Now I'm done with this problem. Object A takes 1 hour to burn 1 inch, and Object B takes 2 hours to burn down 1 inch. What is the constant rate of each object? I have found that my answer for this problem is 1 inch per hour for Object A and 0.5 inches per hour for Object B.
Finding an Average Rate
To help us out with an average rate problem, let's go back to our bumblebee visual.
Our math problem might say something like this: An object has three parts to its travel from point A to point B. In part 1, the object travels at a speed of 10 km per hour for half an hour. In part 2, it travels at 2 km per hour for 15 minutes. And in part 3, the object travels at 15 km per hour for another half hour. What is the average rate for this object?
This one's a little more complicated. We can picture our bumblebee for the object, and we can relate each part of the travel to each part of the bumblebee's journey. The first part can be our bumblebee going fast to its first flower; the second part is then our bumblebee checking out the flower; and the third part is our bumblebee flying fast to the second, larger flower.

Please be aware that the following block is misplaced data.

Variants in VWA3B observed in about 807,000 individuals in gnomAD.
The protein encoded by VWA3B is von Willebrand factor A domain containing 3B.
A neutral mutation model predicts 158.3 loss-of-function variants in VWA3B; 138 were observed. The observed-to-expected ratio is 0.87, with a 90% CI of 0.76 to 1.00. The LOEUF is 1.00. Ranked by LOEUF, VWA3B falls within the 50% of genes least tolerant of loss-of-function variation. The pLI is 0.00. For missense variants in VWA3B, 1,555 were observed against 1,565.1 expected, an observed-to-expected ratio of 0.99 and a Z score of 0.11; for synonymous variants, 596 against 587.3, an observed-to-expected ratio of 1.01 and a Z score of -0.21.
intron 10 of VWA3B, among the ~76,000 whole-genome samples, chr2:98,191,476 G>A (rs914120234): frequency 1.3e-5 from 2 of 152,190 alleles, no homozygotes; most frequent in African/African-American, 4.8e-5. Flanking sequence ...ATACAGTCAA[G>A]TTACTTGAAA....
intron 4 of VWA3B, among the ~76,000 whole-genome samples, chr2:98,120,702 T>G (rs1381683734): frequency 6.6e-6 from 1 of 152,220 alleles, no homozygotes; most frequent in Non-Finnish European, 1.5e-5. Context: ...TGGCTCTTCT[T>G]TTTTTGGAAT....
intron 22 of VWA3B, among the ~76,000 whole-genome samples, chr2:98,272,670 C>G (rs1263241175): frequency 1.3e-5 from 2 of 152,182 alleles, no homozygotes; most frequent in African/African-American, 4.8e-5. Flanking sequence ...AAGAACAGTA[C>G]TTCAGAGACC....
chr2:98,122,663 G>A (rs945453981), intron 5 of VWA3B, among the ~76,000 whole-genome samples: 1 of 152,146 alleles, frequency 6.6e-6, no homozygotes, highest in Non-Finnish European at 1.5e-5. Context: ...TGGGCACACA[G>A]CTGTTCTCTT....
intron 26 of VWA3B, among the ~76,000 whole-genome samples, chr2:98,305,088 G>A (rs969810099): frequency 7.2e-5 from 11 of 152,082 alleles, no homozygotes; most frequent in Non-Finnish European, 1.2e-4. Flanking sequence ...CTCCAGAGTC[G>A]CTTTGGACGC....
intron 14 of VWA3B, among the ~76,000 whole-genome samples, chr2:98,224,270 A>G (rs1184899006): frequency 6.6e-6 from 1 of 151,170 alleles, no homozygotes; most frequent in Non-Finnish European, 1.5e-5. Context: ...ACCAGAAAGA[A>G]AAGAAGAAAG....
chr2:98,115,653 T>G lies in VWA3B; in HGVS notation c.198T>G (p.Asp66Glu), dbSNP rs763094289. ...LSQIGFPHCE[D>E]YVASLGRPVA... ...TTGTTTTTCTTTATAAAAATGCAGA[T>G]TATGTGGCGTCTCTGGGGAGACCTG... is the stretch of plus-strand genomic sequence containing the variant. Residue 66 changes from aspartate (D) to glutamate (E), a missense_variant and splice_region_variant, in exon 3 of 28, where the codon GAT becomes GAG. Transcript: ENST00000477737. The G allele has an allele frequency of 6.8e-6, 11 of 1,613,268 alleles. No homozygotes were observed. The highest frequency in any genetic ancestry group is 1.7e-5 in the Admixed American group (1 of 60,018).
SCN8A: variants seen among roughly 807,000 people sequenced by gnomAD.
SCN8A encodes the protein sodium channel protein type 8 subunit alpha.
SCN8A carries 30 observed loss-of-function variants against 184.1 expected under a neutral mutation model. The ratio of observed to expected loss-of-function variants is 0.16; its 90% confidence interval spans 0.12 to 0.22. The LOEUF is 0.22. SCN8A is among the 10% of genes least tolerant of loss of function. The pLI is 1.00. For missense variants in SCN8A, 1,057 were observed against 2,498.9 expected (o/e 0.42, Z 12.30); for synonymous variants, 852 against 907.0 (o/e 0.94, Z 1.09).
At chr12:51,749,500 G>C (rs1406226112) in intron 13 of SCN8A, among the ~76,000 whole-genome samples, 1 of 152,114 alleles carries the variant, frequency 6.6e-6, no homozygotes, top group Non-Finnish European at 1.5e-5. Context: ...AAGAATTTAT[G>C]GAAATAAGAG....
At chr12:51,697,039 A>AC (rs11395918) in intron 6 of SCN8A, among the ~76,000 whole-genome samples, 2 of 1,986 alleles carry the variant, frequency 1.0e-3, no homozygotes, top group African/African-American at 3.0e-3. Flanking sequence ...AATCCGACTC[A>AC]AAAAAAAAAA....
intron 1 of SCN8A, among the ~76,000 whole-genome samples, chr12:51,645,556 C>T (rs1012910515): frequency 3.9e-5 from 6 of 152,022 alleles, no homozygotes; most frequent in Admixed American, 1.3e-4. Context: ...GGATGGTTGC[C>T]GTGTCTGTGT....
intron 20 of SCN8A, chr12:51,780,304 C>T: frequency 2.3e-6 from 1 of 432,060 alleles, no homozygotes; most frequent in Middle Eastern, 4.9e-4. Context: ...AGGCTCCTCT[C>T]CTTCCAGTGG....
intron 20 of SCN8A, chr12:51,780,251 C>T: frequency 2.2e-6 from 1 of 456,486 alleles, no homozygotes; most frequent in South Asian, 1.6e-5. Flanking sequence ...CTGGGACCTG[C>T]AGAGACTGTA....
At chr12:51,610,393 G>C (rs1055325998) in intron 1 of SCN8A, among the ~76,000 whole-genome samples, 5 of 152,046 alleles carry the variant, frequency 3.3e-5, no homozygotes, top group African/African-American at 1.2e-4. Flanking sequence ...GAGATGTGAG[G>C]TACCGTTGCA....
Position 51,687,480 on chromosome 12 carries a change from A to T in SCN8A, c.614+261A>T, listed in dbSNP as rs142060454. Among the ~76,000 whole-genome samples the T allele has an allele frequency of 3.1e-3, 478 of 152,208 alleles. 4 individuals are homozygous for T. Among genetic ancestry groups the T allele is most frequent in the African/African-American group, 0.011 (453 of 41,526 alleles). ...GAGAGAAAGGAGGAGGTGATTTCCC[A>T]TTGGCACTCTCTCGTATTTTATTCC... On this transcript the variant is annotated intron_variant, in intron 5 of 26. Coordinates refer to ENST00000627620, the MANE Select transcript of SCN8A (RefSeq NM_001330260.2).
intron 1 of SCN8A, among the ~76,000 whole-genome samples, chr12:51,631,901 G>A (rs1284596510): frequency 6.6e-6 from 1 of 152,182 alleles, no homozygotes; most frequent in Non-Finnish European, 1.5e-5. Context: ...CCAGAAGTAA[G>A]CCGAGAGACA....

To find our average, I will use the same rate formula I did for finding the constant rate. The only additional information I need is the total distance traveled and the total time. But, I can find this information from what was provided in the problem. Re-reading the problem, I can see that the bumblebee traveled 5 km in half an hour for the first part of the trip, because if the bumblebee is flying at 10 km per hour, then at the half-time point, the bumblebee will have gone 5 km. For the second part of the trip, because the bumblebee is traveling at 2 km per hour, after 15 minutes, or a quarter of an hour, the bumblebee will have gone 0.5 km, which is a quarter of 2 km. Then, in the last part of the trip, because the bumblebee is traveling at 15 km per hour in half an hour, the bumblebee will have gone 7.5 km, or half of 15 km.